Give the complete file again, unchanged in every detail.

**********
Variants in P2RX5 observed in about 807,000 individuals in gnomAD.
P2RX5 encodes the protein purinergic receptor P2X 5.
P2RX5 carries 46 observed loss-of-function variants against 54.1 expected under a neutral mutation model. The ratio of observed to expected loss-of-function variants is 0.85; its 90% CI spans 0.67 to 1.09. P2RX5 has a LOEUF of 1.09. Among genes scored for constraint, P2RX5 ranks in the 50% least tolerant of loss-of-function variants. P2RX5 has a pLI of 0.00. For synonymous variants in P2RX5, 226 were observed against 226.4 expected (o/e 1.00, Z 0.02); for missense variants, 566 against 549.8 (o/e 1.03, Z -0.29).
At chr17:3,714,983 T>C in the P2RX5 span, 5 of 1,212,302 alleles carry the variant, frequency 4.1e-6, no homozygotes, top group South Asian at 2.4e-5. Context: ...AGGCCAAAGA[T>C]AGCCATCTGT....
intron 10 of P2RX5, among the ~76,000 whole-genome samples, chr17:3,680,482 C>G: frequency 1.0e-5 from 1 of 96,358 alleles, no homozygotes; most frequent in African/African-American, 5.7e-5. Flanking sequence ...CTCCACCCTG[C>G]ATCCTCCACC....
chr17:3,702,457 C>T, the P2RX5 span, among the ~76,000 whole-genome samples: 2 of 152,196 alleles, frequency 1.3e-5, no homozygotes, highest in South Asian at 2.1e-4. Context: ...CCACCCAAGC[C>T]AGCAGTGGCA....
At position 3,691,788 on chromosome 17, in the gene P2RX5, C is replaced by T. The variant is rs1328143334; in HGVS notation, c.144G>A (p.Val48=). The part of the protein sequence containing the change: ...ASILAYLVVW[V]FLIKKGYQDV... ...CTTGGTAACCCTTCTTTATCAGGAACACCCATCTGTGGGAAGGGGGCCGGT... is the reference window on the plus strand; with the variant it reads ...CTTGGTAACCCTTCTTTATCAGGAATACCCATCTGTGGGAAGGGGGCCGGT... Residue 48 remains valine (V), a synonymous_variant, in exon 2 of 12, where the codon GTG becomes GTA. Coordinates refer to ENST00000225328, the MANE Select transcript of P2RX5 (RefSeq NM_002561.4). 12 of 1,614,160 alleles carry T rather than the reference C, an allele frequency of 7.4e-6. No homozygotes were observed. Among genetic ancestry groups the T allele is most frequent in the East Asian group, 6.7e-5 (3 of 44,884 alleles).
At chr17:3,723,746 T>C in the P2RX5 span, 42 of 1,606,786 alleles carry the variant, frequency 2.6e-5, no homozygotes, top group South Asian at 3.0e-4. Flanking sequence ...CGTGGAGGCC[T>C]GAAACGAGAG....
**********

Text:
Variants in P2RX5 observed in about 807,000 individuals in gnomAD.
P2RX5 encodes the protein purinergic receptor P2X 5.
P2RX5 carries 46 observed loss-of-function variants against 54.1 expected under a neutral mutation model. The ratio of observed to expected loss-of-function variants is 0.85; its 90% CI spans 0.67 to 1.09. P2RX5 has a LOEUF of 1.09. Among genes scored for constraint, P2RX5 ranks in the 50% least tolerant of loss-of-function variants. P2RX5 has a pLI of 0.00. For synonymous variants in P2RX5, 226 were observed against 226.4 expected (o/e 1.00, Z 0.02); for missense variants, 566 against 549.8 (o/e 1.03, Z -0.29).
At chr17:3,714,983 T>C in the P2RX5 span, 5 of 1,212,302 alleles carry the variant, frequency 4.1e-6, no homozygotes, top group South Asian at 2.4e-5. Context: ...AGGCCAAAGA[T>C]AGCCATCTGT....
intron 10 of P2RX5, among the ~76,000 whole-genome samples, chr17:3,680,482 C>G: frequency 1.0e-5 from 1 of 96,358 alleles, no homozygotes; most frequent in African/African-American, 5.7e-5. Flanking sequence ...CTCCACCCTG[C>G]ATCCTCCACC....
chr17:3,702,457 C>T, the P2RX5 span, among the ~76,000 whole-genome samples: 2 of 152,196 alleles, frequency 1.3e-5, no homozygotes, highest in South Asian at 2.1e-4. Context: ...CCACCCAAGC[C>T]AGCAGTGGCA....
At position 3,691,788 on chromosome 17, in the gene P2RX5, C is replaced by T. The variant is rs1328143334; in HGVS notation, c.144G>A (p.Val48=). The part of the protein sequence containing the change: ...ASILAYLVVW[V]FLIKKGYQDV... ...CTTGGTAACCCTTCTTTATCAGGAACACCCATCTGTGGGAAGGGGGCCGGT... is the reference window on the plus strand; with the variant it reads ...CTTGGTAACCCTTCTTTATCAGGAATACCCATCTGTGGGAAGGGGGCCGGT... Residue 48 remains valine (V), a synonymous_variant, in exon 2 of 12, where the codon GTG becomes GTA. Coordinates refer to ENST00000225328, the MANE Select transcript of P2RX5 (RefSeq NM_002561.4). 12 of 1,614,160 alleles carry T rather than the reference C, an allele frequency of 7.4e-6. No homozygotes were observed. Among genetic ancestry groups the T allele is most frequent in the East Asian group, 6.7e-5 (3 of 44,884 alleles).
At chr17:3,723,746 T>C in the P2RX5 span, 42 of 1,606,786 alleles carry the variant, frequency 2.6e-5, no homozygotes, top group South Asian at 3.0e-4. Flanking sequence ...CGTGGAGGCC[T>C]GAAACGAGAG....